I am sick of always having to google for the process of adding a drive to the fstab using text editor.

Is there a way to add say a CIFS samba share to the fstab with a Ubuntu GUI? Like Windows' map network path functionality.

migrated from serverfault.com Jun 10 '17 at 5:08

This question came from our site for system and network administrators.

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    Open /etc/fstab in your favorite editor, duplicate one of the entries for another CIFS partition, edit the address of the remote machine and the mount point, and save. Problem solved. – Satō Katsura Jun 10 '17 at 7:51
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    Not what i was asking for. thanks though. – Nicholas DiPiazza Jun 10 '17 at 12:21

On Ubuntu you can edit your fstab using the gnome-disk-utility. From the terminal run gnome-disks or type Disks from the dash. Select the disk then the partition, from the Option menu select Edit Mount Options.

  • No this does not work. Using Gnome Disks utility, I tried using change to the auto-mount switch and check-boxes to auto-mount instead. It does not change anything in fstab. Also root password is not passed. When I manually mount the drives, it asks for the root password. That has to be passed along and well anyhow it is a failure. Also looking at fstab after changes reveal that nothing was added or removed. I am using MX-16 Linux, but it appears to be the same for most any Linux. – Ken Nov 23 '17 at 23:32
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    If your password entry dialog is less-than-functional, you can run the utility as root from the terminal by issuing sudo gnome-disk-utility. This will bypass the broken GUI password prompt. – Mioriin Nov 24 '17 at 9:34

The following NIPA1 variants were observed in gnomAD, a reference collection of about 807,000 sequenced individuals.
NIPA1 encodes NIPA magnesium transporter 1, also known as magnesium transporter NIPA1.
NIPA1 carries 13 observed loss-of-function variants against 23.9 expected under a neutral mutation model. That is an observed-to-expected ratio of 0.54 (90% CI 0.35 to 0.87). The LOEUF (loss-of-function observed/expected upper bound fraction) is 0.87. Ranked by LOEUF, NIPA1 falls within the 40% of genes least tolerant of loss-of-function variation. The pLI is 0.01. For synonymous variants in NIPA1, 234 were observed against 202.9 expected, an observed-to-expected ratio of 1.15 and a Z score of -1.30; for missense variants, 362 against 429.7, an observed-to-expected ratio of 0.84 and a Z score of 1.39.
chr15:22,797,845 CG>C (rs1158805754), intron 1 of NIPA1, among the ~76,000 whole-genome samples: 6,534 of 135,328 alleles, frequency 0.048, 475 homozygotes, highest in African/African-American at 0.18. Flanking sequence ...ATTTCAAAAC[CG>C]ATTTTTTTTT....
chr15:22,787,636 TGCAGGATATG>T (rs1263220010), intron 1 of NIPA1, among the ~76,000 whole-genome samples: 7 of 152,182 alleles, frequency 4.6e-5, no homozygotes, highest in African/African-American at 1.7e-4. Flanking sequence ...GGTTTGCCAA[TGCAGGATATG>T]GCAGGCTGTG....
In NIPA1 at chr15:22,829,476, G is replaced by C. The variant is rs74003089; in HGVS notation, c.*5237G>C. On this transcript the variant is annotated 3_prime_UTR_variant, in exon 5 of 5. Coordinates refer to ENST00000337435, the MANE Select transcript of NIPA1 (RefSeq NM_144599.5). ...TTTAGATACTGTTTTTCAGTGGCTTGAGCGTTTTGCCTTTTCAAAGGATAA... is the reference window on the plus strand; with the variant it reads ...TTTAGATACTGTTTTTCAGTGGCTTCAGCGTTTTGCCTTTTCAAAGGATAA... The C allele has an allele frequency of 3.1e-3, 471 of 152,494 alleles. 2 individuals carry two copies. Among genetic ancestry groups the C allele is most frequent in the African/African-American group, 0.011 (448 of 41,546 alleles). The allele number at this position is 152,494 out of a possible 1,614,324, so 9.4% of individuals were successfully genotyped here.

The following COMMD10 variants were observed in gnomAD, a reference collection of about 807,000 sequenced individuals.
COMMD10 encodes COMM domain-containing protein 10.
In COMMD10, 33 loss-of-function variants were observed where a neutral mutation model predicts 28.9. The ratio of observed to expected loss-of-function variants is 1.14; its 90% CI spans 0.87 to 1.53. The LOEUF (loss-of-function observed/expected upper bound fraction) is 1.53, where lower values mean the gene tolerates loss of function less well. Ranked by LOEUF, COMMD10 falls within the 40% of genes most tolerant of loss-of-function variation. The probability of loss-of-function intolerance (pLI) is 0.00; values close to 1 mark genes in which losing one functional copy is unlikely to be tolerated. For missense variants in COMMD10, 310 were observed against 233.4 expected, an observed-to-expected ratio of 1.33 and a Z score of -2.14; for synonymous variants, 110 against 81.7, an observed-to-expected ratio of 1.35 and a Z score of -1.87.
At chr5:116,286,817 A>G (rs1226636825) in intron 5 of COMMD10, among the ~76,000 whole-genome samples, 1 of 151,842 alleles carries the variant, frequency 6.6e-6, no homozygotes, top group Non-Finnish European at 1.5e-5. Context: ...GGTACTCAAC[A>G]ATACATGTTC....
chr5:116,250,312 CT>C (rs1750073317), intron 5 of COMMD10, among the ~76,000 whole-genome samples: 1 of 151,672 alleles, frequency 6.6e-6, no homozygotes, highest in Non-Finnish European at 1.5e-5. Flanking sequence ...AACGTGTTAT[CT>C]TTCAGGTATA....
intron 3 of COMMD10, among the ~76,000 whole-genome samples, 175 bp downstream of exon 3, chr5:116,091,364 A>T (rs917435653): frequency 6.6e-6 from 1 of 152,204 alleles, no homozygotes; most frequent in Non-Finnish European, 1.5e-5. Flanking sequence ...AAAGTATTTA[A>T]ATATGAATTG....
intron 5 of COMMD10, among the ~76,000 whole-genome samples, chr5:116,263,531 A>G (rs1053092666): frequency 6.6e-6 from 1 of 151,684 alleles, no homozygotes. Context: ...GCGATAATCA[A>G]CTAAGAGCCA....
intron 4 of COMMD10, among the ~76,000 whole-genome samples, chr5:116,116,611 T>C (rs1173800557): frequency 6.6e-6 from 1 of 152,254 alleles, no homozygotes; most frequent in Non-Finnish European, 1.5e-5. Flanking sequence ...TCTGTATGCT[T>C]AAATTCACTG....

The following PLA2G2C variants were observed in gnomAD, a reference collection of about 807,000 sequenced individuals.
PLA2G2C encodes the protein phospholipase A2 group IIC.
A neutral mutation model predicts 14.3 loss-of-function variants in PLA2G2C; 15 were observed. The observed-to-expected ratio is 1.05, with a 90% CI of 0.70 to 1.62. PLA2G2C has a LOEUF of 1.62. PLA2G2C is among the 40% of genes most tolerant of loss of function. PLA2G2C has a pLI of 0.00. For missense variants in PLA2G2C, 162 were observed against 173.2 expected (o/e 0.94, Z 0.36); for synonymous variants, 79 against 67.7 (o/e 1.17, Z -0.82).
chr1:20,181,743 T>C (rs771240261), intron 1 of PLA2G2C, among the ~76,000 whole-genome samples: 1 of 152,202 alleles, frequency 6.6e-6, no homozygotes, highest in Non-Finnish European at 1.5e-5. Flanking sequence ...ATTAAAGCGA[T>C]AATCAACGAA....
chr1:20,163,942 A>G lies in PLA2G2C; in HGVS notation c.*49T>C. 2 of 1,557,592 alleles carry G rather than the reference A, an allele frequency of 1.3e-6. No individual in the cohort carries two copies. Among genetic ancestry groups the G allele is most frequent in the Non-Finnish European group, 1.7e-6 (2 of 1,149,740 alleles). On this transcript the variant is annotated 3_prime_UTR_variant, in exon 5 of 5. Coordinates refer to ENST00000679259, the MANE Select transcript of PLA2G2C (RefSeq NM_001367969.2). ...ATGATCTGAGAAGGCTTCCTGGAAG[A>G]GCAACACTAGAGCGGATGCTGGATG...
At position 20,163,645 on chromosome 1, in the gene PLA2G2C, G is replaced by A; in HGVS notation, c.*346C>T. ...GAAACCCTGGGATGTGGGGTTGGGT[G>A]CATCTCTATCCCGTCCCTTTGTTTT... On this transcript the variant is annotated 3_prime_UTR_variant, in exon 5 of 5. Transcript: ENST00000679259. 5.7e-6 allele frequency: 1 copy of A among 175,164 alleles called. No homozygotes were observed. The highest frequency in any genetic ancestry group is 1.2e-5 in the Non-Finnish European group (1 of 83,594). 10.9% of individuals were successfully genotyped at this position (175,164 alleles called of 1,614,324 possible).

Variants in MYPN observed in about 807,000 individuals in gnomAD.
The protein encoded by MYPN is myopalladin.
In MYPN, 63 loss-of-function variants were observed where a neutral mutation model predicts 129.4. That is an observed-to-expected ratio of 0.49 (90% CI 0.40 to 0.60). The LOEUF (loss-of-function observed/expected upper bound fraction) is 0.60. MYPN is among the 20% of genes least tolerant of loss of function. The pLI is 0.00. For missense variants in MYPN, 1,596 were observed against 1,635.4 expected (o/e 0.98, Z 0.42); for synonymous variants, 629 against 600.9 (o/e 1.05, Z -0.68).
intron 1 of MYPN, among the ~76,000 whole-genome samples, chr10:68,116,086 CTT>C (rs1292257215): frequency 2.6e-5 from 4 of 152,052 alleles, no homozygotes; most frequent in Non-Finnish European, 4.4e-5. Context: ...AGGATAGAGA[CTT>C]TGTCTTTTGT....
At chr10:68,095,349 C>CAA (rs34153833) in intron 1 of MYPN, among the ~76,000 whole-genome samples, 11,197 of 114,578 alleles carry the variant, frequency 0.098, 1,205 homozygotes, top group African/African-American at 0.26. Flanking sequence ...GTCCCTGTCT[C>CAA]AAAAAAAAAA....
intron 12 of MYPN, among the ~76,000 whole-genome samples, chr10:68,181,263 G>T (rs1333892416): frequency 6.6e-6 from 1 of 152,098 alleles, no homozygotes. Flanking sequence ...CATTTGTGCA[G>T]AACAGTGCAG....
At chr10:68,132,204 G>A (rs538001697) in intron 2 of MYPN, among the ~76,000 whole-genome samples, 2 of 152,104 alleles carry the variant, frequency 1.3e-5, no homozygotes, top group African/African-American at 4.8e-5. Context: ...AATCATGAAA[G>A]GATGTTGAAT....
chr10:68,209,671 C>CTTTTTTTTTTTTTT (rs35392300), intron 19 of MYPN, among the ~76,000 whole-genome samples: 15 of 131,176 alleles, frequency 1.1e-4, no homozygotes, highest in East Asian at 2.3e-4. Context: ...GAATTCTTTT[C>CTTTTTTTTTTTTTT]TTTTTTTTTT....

KDE Partition Manager is an alternative to gnome-disk-utility , it can be installed on Ubuntu and debian based distro.

file, disk and partition management for KDE

Partition Manager is a utility program to help you manage the disk devices, partitions and file systems on your computer. It allows you to easily create, copy, move, delete, resize without losing data, backup and restore partitions.

Partition Manager supports a large number of file systems, including ext2/3/4, reiserfs, NTFS, FAT16/32, jfs, xfs and more. Note that to gain support for a specific file system other than ext2/3/4, you should install the corresponding suggested package.

Partition Manager is based on libparted (like gparted) and makes use of the KDE libraries for its user interface.

To install KDE Partition Manager:

sudo apt install partitionmanager
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    In my opinion, the interface of KDE Partition Manager is more accessible than Gnome Disks. I have some notions of system administration. In practice, I edit the fstab file because it is more efficient but using a graphical interface may be useful: tasks organized, data provided... (e.g. Webmin). – Fólkvangr Dec 14 '18 at 14:05

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